When discussing a loved one’s cancer diagnosis, be sensitive to their feelings, but also be open and honest. Remember, you are both going through a tough time, so give yourself some grace as well.
You might want to be particularly careful when talking about smoking or how smoking contributed to your loved one’s cancer. Lung cancer patients may already live with feelings of guilt or regret, and you don’t want to make those negative thoughts worse.
If your loved one’s cancer progresses and their health deteriorates, you may not be able to meet all of their physical and medical needs as a caregiver.
Depending on the situation, hospice centers or nursing homes can provide quality care for many lung cancer patients with advanced disease. Your loved one’s oncologist might be able to offer recommendations for services near you.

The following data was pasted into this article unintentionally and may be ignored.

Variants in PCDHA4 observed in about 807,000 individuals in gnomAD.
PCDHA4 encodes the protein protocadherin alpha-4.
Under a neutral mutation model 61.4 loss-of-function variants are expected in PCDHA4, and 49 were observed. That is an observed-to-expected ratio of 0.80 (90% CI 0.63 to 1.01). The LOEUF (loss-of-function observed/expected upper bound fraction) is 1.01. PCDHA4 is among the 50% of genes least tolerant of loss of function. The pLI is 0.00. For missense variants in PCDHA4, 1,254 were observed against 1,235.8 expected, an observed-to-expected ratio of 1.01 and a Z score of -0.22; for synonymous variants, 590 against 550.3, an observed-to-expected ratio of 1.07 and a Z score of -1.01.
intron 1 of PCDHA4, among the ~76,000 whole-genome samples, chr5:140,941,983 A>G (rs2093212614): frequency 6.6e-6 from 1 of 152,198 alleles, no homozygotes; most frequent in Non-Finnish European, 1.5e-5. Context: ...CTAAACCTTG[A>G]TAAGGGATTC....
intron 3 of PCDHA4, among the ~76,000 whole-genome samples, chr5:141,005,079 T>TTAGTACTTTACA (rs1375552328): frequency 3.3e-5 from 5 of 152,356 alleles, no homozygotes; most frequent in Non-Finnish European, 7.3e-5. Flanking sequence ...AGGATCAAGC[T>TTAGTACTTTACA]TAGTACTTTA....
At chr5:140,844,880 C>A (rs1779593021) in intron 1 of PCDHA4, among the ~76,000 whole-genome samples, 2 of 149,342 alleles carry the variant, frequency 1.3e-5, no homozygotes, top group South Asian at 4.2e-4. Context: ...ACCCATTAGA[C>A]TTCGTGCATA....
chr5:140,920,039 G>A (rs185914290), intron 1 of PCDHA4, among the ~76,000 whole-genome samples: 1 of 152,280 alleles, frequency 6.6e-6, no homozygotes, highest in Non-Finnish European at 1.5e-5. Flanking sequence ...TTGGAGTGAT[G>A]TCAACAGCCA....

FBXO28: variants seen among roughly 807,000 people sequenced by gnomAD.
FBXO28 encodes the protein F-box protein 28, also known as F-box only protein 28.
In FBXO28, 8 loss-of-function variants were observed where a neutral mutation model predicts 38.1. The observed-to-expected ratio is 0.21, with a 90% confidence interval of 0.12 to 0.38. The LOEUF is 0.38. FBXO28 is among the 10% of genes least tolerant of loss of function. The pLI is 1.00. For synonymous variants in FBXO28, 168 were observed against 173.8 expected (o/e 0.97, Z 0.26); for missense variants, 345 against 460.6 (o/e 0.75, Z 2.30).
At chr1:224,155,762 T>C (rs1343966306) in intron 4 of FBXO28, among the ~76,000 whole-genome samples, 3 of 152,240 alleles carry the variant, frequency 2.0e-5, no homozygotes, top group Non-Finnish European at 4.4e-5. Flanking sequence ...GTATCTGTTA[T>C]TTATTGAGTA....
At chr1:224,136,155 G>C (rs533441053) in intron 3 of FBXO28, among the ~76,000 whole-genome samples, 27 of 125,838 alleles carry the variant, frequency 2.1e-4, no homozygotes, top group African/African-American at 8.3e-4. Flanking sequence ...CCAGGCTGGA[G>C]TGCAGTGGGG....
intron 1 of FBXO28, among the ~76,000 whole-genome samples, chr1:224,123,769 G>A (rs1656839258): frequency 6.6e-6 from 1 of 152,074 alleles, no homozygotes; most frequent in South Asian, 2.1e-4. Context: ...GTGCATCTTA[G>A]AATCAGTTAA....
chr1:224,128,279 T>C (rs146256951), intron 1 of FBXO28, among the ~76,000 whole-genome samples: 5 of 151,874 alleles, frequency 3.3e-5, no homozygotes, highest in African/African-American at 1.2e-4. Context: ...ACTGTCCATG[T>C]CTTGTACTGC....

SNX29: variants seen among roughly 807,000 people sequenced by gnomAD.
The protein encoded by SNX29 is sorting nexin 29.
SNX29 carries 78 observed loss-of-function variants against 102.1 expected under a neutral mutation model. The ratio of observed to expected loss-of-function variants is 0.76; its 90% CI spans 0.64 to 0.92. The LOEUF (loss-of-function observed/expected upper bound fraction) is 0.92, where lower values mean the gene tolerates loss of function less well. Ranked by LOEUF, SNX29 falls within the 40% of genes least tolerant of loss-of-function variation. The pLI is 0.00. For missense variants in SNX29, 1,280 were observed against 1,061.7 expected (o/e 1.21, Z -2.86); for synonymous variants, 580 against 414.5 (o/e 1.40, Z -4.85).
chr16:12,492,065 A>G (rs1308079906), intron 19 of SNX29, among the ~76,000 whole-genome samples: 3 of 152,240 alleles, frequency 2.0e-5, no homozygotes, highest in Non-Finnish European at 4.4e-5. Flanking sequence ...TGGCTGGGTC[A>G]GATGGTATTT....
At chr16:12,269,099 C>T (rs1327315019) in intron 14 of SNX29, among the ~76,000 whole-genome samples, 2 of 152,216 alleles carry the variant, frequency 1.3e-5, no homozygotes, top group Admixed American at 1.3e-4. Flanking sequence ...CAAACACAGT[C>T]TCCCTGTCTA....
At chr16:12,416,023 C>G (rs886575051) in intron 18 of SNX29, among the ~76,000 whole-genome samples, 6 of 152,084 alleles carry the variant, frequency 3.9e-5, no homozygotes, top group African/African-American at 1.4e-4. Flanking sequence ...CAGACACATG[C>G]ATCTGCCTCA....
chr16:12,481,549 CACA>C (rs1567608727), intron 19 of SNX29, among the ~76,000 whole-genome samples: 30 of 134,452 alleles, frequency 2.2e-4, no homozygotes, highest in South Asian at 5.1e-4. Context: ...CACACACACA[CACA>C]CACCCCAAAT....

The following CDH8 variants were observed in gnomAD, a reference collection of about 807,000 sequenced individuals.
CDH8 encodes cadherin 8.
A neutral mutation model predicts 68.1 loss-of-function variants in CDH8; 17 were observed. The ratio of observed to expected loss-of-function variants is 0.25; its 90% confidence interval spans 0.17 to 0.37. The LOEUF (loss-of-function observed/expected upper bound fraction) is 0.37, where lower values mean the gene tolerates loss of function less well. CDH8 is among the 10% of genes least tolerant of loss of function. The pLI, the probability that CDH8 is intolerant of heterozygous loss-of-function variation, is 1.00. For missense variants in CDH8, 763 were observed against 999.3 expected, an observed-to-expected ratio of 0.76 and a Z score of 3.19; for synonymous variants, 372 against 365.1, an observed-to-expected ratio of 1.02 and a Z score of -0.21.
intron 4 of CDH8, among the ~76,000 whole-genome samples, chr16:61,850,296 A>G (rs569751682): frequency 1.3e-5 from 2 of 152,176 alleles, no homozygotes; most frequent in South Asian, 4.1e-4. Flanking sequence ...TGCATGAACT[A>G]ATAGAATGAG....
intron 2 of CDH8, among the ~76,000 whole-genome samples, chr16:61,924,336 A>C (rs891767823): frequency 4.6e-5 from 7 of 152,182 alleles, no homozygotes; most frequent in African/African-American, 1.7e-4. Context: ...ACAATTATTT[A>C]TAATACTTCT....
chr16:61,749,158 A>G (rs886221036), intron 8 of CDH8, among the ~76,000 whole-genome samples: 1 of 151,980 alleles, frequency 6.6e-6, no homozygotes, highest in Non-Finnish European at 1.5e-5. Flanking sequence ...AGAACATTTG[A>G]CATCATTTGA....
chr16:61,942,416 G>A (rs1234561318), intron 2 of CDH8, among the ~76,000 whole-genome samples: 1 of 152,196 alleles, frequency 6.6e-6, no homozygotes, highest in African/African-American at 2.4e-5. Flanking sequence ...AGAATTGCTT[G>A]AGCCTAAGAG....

If your loved one shows signs of severe anxiety or depression, you may also need to contact their healthcare provider. Some symptoms to watch out for include:
Studies show 40%–70% of caregivers experience symptoms of depression, about 25%–50% of them meet the diagnostic criteria for major depression.

Taking care of yourself is especially important if you are also taking care of someone else. Caregivers should set limits and stick to them.
Here are some ways to manage stress:
Though every case is different, people with lung cancer often need the assistance of a caregiver to help them with physical, emotional, and financial matters. As a caregiver, you might have to perform practical tasks, like driving your loved one to their appointments or ensuring they take their medication. You may also be required to provide much-needed emotional support.